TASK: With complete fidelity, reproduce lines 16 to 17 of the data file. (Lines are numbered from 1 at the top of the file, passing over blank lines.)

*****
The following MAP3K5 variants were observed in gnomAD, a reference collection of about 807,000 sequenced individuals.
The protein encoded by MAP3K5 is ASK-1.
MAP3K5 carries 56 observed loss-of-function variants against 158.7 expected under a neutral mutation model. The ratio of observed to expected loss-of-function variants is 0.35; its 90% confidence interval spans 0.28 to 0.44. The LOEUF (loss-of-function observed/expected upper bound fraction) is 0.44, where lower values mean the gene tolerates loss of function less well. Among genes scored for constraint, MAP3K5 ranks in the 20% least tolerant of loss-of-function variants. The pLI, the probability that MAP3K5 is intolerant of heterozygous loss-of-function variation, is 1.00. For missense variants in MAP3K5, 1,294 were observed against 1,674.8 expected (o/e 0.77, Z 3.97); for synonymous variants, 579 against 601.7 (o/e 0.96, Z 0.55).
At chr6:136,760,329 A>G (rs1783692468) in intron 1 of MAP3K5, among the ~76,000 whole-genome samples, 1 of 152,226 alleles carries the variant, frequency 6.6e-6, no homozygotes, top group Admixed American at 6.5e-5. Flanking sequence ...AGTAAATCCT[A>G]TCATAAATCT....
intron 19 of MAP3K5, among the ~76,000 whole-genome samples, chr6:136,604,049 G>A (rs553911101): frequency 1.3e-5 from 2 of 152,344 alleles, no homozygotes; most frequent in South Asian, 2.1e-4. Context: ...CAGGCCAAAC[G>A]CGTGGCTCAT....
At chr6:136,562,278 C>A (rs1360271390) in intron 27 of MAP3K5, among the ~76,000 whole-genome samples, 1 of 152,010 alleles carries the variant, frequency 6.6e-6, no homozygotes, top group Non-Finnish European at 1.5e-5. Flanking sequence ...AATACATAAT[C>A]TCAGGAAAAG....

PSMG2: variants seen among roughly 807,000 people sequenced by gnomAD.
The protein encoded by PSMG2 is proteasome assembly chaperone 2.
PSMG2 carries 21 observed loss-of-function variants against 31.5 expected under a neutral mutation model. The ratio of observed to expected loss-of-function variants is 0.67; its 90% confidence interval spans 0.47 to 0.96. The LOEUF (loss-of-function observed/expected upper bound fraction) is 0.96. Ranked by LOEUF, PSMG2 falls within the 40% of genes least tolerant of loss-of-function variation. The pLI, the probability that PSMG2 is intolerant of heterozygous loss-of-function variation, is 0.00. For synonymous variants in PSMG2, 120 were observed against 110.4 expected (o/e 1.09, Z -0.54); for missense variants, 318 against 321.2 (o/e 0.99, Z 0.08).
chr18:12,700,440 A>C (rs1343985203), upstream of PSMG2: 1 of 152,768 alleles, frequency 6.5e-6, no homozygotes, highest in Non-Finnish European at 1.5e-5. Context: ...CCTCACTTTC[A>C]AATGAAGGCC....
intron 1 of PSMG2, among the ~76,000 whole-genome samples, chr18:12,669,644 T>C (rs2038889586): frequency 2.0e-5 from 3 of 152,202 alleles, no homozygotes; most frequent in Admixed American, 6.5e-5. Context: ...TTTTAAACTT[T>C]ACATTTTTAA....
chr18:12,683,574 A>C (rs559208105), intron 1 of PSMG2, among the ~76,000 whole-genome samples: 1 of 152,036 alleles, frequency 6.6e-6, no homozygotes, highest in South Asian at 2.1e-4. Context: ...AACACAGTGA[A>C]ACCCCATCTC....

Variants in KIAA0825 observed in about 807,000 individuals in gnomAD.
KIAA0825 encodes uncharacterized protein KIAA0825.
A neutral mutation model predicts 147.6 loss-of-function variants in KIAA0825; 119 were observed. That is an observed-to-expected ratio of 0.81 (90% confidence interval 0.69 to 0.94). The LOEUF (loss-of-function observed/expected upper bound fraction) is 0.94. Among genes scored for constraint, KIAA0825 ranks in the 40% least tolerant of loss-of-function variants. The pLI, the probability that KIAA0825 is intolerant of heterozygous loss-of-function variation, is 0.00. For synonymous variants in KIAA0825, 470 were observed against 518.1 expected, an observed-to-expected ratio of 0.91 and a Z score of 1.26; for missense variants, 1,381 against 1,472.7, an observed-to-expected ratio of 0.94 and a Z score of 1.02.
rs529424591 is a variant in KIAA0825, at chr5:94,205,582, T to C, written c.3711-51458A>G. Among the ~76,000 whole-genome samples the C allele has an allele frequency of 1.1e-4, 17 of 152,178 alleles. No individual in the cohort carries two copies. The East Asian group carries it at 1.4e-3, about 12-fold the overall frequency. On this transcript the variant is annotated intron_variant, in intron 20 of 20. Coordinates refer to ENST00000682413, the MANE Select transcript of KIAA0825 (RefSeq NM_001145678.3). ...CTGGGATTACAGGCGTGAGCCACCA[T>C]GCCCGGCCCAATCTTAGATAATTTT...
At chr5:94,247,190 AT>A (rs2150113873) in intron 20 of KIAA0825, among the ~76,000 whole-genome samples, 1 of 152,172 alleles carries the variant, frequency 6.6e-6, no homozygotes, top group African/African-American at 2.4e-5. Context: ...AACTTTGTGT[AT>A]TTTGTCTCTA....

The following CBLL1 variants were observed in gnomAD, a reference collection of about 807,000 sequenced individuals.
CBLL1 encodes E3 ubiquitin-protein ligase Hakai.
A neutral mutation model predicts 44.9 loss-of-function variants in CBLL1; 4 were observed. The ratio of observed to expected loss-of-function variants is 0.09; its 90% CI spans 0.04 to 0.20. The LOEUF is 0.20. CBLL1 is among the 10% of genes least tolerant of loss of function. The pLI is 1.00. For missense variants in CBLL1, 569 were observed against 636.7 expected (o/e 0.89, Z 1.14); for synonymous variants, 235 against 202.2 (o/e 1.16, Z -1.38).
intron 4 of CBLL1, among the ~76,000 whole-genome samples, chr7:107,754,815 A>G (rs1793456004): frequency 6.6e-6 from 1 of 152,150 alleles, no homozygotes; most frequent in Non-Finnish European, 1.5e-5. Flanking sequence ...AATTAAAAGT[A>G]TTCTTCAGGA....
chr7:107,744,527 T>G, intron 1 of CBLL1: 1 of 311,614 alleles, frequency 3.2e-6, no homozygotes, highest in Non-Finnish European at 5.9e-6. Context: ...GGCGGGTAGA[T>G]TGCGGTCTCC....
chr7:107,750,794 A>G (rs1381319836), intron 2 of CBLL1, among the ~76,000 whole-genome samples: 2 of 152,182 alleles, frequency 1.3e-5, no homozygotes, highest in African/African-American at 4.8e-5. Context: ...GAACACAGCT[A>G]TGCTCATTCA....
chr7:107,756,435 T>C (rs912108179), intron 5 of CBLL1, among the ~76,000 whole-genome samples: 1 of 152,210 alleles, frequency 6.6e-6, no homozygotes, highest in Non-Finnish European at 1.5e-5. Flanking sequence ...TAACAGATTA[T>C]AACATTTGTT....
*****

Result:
rs529424591 is a variant in KIAA0825, at chr5:94,205,582, T to C, written c.3711-51458A>G. Among the ~76,000 whole-genome samples the C allele has an allele frequency of 1.1e-4, 17 of 152,178 alleles. No individual in the cohort carries two copies. The East Asian group carries it at 1.4e-3, about 12-fold the overall frequency. On this transcript the variant is annotated intron_variant, in intron 20 of 20. Coordinates refer to ENST00000682413, the MANE Select transcript of KIAA0825 (RefSeq NM_001145678.3). ...CTGGGATTACAGGCGTGAGCCACCA[T>C]GCCCGGCCCAATCTTAGATAATTTT...
At chr5:94,247,190 AT>A (rs2150113873) in intron 20 of KIAA0825, among the ~76,000 whole-genome samples, 1 of 152,172 alleles carries the variant, frequency 6.6e-6, no homozygotes, top group African/African-American at 2.4e-5. Context: ...AACTTTGTGT[AT>A]TTTGTCTCTA....